Philip Delves Broughton is the author of “What they teach you at Harvard business school”. Not to be confused with “What they don’t teach you at Harvard Business School by Mark McCormack. He wrote a book about sales.
I have been searching for a book like this. Our clients regularly ask us to find them a good book on sales for our Bookbuzz sessions. Most of them are too formulaic. Not this one. The book brings you through a journey of selling. The history, the psychology and the philosophy. The good, the bad and the ugly. Without too much judgement. He does appear to be sceptical about marketing, but then who isn’t?
Legends in sales
The book follows the author across the world meeting legends in sales. He starts with the bazaars in Morocco and finishes with Salesforce. In between, he shares the lessons from his conversations with and research into salespeople.
- From storytelling to recruitment.
- From metrics to NLP.
- From “The secret” to marketing.
- From religion to customer care.
- From ego to authenticity.
- From learned helplessness to energy management.
Did you know
- Did you know that Benjamin Franklin invented newspaper advertising?
- That the more “no’s” as salesperson gets, the more money they make?
- That optimists are 40% more successful at selling?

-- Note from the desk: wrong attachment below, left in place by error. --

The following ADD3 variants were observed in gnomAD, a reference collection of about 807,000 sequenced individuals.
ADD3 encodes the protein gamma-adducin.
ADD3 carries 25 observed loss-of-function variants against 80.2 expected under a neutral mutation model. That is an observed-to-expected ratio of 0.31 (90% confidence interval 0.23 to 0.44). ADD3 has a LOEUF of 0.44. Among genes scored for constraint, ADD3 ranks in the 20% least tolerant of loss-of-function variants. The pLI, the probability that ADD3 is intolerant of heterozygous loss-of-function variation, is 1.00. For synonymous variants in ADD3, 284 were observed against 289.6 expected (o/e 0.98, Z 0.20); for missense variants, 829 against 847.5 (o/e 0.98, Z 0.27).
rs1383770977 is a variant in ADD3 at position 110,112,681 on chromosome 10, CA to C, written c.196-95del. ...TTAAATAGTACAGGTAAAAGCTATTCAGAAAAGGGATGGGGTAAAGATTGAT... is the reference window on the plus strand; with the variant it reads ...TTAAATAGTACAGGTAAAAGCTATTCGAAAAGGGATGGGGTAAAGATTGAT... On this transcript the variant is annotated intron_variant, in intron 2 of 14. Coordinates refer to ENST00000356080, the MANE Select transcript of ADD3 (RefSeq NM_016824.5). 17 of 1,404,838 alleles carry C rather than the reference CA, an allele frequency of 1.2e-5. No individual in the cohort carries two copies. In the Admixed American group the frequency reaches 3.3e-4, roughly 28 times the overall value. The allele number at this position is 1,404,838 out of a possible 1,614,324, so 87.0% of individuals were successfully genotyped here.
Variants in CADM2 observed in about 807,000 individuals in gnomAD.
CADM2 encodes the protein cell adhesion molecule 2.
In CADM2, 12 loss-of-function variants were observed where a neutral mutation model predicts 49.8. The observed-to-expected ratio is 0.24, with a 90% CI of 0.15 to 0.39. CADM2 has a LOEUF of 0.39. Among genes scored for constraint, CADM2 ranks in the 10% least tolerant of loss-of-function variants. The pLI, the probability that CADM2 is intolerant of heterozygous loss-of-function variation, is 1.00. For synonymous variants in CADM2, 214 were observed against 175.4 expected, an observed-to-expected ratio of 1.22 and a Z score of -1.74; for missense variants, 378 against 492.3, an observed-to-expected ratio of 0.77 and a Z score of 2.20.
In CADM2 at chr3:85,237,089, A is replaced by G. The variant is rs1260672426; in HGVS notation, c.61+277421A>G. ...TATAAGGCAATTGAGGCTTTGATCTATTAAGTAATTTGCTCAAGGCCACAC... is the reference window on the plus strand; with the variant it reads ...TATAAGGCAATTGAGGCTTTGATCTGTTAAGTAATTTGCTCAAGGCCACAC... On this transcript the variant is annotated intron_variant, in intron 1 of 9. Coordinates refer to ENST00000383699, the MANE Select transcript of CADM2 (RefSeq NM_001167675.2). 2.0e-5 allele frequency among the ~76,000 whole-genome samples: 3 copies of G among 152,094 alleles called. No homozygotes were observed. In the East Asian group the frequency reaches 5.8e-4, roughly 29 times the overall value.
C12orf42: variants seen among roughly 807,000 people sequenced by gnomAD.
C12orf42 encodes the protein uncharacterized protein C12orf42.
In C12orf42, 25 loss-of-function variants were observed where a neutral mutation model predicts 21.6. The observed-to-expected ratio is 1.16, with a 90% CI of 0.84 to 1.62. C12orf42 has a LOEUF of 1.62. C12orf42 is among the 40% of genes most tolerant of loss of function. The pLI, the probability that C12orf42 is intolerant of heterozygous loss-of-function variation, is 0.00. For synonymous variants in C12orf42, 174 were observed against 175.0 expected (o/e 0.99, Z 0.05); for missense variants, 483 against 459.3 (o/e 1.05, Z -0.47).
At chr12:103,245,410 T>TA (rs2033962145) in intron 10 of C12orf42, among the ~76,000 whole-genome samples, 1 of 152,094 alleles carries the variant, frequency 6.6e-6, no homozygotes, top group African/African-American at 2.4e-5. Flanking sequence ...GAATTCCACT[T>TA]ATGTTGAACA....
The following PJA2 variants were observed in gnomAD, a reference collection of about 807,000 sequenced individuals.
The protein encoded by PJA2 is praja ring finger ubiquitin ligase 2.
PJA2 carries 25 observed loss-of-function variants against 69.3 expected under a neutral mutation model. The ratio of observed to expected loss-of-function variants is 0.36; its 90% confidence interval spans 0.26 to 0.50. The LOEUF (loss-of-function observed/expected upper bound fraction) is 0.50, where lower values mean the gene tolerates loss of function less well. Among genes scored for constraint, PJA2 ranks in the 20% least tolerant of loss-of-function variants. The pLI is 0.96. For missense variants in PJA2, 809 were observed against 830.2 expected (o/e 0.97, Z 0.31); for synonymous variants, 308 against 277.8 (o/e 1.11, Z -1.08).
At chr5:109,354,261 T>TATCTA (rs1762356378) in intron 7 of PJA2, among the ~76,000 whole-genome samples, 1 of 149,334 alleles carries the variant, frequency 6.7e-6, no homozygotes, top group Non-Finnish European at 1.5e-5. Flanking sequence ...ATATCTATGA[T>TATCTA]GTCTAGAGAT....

That there is a correlation between success and your internal dialogue? This is where the author links selling to “The strangest secret” by Nightingale and tapping into passion, being yourself and loving what you do. Including selling. And for that alone, I love this book.
Sales as a life skill
He is adamant that selling is an essential life skill and applies to a lot of things in life. Selling as a state of mind. He thinks getting a university business degree without sales is like an MBA without studying accounting and that selling should be an integral part of any child’s education. Which is the other reason I love this book.
The final reason I love this book is that it brings nobility back into sales. For sales professionals, marketers, HR professionals, CEOs and people interested in self-development. Marketing people might not like it……